Despite what many people guess, the New Jersey company's moniker does not signify an affinity for Atlantic City casinos. "My partner thought of the name," explains Sering, who says seven just happened to be a favorite number. "The original concept was to find an uncommon name that would leave clients wondering."

Another eyebrow raiser is the grammatical incorrectness of the name, but Sering says adding that "S" to the end was intentional.

Seven Seven expanded in 1999 to include an offshore delivery center in Manila and added another overseas location in Singapore in 2006. The company now has more than 1,000 employees worldwide, including more than 200 in the United States. Its U.S. clientele is concentrated mainly in financial services, while its overseas market is more varied, Sering says.

The success of Seven Seven has garnered some notice. In 2009, Sering was named one of the 100 most influential Filipina American women in the U.S. by the Filipina Women's Network, and in 2011 she received one of the Asian American Business Development Center's Outstanding Fifty Asian Americans in Business Awards for 2011.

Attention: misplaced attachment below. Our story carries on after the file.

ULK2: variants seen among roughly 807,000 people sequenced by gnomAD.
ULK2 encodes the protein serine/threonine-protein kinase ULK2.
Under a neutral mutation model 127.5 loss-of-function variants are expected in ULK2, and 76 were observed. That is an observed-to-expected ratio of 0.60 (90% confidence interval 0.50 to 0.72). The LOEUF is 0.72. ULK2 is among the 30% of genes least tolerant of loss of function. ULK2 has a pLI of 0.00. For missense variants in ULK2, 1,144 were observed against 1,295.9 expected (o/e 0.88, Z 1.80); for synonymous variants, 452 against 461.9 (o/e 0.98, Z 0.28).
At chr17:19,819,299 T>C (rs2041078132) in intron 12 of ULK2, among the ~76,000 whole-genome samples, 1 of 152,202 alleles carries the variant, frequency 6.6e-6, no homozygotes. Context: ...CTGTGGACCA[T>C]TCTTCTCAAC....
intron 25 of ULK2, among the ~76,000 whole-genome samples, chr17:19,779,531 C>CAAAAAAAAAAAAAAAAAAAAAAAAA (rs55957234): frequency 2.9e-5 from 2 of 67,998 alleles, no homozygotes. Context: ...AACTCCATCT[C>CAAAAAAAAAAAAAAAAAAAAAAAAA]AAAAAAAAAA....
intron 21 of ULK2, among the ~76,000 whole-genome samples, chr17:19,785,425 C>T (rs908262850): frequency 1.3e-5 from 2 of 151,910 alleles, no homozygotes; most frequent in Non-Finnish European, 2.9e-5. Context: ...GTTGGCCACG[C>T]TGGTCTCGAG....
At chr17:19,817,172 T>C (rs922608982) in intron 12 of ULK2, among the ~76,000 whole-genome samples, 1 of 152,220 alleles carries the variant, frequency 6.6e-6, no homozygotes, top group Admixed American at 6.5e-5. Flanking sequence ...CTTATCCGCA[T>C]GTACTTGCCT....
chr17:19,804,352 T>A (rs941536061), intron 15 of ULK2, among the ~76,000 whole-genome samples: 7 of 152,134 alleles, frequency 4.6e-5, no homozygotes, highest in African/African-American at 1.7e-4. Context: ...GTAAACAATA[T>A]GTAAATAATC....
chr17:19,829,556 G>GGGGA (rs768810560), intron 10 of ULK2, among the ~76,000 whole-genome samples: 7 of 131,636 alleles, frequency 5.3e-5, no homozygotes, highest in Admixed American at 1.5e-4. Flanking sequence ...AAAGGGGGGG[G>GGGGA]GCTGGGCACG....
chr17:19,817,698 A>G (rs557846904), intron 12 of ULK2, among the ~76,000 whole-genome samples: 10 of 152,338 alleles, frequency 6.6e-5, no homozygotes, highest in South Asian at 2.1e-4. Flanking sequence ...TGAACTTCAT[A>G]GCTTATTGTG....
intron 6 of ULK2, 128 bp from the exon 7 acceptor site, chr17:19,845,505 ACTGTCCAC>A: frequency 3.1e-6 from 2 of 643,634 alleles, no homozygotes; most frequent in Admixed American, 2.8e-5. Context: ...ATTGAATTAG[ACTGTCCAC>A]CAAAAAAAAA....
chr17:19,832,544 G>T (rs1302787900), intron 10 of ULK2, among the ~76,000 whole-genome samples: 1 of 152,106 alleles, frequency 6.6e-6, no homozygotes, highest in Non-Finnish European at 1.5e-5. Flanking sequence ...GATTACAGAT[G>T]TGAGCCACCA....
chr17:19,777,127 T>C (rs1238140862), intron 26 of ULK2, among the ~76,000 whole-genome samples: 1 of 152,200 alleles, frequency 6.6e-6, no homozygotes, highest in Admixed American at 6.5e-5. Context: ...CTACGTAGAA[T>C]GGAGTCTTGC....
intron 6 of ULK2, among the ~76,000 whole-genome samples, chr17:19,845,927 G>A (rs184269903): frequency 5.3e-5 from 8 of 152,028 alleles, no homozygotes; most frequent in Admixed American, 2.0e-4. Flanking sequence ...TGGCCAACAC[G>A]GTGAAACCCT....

Dahl, Taylor: a dream realized
After working for a decade as an engineer at Dahl, Taylor & Associates, Inc, Quang Vu bought the Santa Ana, CA consulting firm from his bosses.

"It was always my goal and my plan to get into management and to build something for myself," says Vu, adding that the company's founders, Neil Dahl and Russel Taylor, had been grooming him to take over the management. "They were getting up in age," he explained. "In 1991, when I bought out the firm, chairman Russel Taylor was seventy-one years old."